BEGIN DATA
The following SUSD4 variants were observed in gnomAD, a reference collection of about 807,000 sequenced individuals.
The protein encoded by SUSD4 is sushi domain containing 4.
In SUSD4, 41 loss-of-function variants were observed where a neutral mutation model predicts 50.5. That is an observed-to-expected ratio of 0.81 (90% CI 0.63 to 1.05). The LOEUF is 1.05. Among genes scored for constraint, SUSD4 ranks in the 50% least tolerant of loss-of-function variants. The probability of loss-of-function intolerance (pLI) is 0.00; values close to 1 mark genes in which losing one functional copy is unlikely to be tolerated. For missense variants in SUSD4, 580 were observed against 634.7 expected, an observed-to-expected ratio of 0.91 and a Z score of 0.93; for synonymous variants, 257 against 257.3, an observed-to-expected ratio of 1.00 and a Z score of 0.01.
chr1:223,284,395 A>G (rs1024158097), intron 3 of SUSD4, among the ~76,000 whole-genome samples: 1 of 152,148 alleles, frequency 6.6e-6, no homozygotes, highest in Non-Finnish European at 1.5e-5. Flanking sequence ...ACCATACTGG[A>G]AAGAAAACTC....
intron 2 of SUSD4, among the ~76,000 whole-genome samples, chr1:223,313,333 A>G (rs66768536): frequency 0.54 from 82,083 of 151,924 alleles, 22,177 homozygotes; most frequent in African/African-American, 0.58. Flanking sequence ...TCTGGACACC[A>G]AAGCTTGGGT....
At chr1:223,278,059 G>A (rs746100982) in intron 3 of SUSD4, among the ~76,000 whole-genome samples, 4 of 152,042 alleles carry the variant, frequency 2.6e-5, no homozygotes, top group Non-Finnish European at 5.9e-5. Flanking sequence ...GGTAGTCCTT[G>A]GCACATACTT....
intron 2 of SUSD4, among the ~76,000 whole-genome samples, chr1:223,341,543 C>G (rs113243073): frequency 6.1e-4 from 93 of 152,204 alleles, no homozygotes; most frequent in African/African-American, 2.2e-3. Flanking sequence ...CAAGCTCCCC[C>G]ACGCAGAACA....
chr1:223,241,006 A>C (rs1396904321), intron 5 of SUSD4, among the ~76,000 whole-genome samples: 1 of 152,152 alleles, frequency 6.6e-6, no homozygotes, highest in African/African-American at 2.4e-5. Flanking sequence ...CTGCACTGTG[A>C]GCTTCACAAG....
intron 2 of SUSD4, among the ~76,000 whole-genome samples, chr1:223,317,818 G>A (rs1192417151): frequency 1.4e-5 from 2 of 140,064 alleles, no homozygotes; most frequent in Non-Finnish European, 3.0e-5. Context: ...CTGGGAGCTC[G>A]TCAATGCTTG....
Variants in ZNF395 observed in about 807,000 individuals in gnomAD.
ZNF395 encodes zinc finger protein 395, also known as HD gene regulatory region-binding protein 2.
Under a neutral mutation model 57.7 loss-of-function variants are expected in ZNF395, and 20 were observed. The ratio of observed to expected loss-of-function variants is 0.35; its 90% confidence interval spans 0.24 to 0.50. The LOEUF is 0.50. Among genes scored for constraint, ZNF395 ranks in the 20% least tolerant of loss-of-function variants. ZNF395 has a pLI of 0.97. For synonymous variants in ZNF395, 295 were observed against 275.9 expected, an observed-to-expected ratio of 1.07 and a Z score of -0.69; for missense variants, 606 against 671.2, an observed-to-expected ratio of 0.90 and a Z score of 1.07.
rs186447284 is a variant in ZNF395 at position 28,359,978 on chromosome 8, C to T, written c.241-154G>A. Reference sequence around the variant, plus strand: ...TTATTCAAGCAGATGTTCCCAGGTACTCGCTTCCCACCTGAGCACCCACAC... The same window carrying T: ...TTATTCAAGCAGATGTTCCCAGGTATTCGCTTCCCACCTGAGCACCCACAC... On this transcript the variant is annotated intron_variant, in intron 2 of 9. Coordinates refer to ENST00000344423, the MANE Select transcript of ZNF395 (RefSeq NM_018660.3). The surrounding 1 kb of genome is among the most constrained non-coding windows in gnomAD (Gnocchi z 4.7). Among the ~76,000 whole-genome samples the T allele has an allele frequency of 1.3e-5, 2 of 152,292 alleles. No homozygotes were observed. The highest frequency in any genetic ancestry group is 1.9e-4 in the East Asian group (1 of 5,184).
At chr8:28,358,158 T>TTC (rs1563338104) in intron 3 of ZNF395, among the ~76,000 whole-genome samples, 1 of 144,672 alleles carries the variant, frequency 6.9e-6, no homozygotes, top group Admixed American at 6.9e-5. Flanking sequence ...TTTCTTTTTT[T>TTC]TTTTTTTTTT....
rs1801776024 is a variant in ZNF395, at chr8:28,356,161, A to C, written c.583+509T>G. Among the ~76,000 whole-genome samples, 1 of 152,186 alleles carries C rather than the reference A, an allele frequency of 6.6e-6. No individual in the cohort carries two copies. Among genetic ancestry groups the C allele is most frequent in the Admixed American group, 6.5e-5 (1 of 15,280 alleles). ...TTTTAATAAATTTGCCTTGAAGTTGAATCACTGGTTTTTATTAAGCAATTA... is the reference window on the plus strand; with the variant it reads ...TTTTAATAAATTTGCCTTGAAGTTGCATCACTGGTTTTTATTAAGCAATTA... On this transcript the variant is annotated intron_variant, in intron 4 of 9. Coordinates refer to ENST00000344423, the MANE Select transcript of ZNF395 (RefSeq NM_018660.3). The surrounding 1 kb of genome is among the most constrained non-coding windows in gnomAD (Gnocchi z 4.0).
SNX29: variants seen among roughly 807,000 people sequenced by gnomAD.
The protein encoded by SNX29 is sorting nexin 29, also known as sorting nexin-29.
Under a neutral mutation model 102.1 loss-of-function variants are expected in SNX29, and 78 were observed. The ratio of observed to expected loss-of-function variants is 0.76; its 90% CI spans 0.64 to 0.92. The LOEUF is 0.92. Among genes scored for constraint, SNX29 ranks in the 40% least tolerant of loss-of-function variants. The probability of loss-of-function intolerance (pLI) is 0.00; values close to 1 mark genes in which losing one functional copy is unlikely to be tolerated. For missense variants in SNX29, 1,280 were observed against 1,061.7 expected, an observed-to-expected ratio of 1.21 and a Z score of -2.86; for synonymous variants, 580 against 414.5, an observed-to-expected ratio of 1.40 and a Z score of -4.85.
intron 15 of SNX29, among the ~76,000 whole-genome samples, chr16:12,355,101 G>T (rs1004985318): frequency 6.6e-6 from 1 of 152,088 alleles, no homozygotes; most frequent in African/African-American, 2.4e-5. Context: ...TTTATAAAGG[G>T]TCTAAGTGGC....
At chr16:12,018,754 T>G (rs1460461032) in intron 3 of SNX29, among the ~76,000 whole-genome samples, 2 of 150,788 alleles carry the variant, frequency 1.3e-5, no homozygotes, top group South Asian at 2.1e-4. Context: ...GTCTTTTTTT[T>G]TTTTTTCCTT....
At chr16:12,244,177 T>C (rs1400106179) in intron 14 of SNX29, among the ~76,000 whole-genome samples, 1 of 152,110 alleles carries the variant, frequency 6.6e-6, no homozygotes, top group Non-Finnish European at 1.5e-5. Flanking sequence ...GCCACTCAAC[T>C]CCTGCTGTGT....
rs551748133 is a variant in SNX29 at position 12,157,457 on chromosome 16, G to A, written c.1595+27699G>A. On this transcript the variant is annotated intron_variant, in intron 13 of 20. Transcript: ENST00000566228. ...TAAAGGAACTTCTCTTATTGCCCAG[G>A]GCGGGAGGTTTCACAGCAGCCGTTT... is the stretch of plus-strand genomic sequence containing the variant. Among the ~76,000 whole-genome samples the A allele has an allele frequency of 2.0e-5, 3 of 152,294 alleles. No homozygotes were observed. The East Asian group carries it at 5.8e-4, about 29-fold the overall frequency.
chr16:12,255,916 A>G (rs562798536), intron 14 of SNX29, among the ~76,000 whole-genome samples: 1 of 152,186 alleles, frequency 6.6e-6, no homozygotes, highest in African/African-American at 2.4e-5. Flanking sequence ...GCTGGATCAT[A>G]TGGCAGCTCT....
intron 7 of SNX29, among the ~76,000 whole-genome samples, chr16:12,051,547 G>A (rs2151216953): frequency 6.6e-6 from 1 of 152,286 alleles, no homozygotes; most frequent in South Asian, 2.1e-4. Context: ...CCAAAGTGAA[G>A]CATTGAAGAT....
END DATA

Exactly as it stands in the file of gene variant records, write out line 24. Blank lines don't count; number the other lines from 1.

intron 7 of SNX29, among the ~76,000 whole-genome samples, chr16:12,051,547 G>A (rs2151216953): frequency 6.6e-6 from 1 of 152,286 alleles, no homozygotes; most frequent in South Asian, 2.1e-4. Context: ...CCAAAGTGAA[G>A]CATTGAAGAT....